The Navy and Missile Defense Agency conducted a successful missile defense intercept test over the Pacific Ocean:

Major test over Pacific pairs next-gen missile interceptor, next-gen Aegis radar for first time

The U.S. military executed one of the "most complex" ballistic missile defense tests to date, pairing for the first time the most advanced Aegis guided missile interceptor with its next-generation Air and Missile Defense Radar to shoot down a medium-range ballistic missile target over the Pacific Ocean.

Air Force Secretary Frank Kendall, speaking this week at a RAND Corp. event in Arlington, VA, said the White House intends to submit the FY-25 budget on March 11 regardless of whether Congress, which has been mired in stopgap continuing resolutions and partisan debate for months, can pass an FY-24 appropriations package:

Senior DOD officials say Capitol Hill dysfunction threatens their race against China

Air Force Secretary Frank Kendall and Pentagon acquisition chief Bill LaPlante said today that ongoing congressional dysfunction is hobbling their ability to compete with China, detailing some of the specific financial stress that lawmakers have put the department under as the government continues down an uncertain path toward the fiscal year 2025 budget submission.

Blake Stone, a policy analyst with the Joint Counter-small Unmanned Aircraft Systems Office, spoke this week on the sidelines of the SAE Media Group's Counter UAS Homeland Security USA Conference in Arlington, VA:

Updated counter UAS strategy will include homeland security annex

The Pentagon's Joint Counter-small Unmanned Aircraft Systems Office (JCO) will include a "homeland security annex" in the next update to its CUAS strategy, according to an official from the office.

Adm. Samuel Paparo, the U.S. Pacific Fleet commander nominated to replace retiring Adm. John Acquilino as the top U.S. military official in the region, said the U.S. military must think deeply about conducting mobility and logistics missions across the region where the vast spaces between locations that need to be covered is referred to as the "tyranny of distance":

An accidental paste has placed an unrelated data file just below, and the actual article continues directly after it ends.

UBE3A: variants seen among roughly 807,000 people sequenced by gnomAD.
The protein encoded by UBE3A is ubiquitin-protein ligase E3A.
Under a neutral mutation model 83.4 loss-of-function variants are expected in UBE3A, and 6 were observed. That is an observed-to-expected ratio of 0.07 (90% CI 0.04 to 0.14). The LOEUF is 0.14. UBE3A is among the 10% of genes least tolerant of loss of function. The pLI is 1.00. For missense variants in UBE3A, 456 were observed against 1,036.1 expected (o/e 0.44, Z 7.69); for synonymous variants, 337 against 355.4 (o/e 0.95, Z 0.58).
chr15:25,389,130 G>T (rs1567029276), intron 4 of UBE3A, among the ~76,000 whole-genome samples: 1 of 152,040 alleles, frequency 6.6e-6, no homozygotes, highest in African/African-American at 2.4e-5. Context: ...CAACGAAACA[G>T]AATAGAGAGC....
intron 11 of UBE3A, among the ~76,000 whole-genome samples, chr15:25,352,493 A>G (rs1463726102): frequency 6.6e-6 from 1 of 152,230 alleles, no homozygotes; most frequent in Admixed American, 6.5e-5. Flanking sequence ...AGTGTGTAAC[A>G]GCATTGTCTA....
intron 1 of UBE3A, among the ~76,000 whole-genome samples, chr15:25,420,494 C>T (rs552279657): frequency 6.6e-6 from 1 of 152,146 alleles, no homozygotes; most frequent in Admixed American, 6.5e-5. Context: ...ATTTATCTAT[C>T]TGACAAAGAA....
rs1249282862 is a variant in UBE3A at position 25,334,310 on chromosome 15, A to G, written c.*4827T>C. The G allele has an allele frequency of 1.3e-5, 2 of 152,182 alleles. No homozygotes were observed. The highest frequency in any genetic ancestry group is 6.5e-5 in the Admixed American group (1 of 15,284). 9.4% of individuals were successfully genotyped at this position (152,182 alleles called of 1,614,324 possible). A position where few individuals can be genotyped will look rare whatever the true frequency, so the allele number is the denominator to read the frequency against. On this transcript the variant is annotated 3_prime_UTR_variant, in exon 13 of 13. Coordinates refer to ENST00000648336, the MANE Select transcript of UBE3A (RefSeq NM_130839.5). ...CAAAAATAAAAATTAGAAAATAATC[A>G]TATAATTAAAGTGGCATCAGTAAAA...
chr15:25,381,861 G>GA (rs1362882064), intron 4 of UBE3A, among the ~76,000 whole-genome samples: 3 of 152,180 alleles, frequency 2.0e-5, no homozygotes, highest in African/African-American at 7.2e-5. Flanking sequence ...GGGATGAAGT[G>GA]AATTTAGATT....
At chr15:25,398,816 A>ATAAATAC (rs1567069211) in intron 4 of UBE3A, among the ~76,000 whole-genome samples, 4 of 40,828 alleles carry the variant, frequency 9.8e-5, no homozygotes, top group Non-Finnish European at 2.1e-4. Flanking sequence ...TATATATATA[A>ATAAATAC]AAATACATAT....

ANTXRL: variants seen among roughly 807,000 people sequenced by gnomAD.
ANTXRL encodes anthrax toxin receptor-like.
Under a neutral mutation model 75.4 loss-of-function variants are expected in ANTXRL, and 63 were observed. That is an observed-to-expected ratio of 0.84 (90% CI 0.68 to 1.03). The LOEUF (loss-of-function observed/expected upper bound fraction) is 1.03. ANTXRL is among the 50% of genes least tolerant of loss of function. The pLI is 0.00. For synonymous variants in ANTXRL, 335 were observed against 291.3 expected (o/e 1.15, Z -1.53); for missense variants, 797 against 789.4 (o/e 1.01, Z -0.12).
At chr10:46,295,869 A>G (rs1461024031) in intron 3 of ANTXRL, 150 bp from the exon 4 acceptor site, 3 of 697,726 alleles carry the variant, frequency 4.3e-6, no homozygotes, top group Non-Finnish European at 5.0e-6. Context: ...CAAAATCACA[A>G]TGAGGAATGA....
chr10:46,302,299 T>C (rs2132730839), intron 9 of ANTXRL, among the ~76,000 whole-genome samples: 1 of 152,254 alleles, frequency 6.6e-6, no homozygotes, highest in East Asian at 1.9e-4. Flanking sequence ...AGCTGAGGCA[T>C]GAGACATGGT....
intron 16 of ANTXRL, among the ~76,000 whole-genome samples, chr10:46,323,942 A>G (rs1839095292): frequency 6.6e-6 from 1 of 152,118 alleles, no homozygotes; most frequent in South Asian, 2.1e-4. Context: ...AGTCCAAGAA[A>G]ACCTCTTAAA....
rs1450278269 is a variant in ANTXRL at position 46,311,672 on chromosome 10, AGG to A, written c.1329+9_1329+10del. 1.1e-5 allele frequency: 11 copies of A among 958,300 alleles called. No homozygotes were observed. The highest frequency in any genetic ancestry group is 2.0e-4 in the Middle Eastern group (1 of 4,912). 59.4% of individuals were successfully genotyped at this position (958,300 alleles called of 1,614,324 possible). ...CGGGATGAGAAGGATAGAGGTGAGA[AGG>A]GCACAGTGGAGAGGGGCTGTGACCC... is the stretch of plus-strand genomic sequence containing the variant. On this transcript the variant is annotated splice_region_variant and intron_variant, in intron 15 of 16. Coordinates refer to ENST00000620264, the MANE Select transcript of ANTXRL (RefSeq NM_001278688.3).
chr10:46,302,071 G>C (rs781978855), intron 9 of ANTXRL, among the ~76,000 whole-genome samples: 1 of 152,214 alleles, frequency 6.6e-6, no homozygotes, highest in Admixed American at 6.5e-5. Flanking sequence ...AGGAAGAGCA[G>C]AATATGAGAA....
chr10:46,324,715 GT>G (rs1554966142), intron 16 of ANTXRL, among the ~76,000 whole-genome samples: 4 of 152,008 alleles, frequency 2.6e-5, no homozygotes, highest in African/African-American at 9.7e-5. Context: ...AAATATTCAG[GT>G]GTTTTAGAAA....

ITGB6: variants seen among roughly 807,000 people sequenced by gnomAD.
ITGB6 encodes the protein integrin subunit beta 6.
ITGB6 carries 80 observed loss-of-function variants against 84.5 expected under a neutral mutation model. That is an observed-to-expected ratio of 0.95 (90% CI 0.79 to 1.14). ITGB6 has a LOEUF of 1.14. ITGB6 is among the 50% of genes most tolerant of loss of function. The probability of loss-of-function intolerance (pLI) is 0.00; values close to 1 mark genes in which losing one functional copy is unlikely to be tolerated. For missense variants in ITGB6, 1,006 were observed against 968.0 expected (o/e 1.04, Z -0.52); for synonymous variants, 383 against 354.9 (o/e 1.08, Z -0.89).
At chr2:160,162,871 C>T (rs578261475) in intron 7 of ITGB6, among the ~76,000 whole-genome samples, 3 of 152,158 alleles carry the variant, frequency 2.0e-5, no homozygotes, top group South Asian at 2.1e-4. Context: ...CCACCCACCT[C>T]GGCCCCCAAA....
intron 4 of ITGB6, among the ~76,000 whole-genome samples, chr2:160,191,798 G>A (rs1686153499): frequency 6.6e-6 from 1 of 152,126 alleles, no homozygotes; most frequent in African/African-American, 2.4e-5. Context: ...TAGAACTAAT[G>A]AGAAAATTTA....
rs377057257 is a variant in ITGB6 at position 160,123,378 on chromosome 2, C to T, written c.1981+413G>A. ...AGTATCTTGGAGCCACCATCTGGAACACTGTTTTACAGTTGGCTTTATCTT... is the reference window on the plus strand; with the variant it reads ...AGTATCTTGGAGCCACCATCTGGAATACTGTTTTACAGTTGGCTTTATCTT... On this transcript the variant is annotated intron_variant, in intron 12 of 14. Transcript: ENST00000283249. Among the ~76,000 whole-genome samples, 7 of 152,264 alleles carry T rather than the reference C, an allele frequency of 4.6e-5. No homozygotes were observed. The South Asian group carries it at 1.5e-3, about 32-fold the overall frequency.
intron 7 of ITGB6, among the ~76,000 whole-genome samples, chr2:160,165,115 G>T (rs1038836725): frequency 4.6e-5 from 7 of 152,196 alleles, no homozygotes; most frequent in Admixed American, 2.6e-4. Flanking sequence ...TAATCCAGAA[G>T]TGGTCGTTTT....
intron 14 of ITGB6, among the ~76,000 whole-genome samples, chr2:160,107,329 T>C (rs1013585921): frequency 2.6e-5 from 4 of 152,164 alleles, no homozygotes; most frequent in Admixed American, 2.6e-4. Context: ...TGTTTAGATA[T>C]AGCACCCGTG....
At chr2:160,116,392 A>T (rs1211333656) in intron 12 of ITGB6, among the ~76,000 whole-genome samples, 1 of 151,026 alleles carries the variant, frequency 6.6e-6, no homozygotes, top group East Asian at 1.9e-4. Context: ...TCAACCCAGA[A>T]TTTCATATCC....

INDOPACOM nominee concerned about U.S. ability to refuel in a fight against China

The presumptive new U.S. Indo-Pacific Command boss is concerned about the adequacy of the United States' refueling capability in the event of a regional conflict, presumably against China, vowing -- if confirmed -- to work with lawmakers to "close the gaps" to keep bombers, destroyers, cargo trucks and more in the fight.

Don't expect to see a public version of a congressionally mandated spectrum band report anytime soon:

Pentagon will not publicly release spectrum band report senators asked for

The Pentagon will not publicly release a report that senators requested the publication of after lawmakers voiced concerns about the National Spectrum Strategy's request for a deeper inquiry into the lower 3 GHz Band, Inside Defense has learned.

The Senate has approved an updated national security supplemental spending bill:

Senate Dems pare back security supplemental after GOP blocks border provisions

The Senate voted 67-32 to advance consideration of a $95.34 billion security supplemental spending package that would aid Ukraine, Israel and Taiwan after Republicans forced Democrats to remove border security and immigration reform provisions.

The Navy wants to develop a multimission affordable capacity effector (MACE) weapon through digital engineering and its range would be complementary to the Long-Range Anti-Ship missile (LRASM), which is estimated to be more than 200 nautical miles: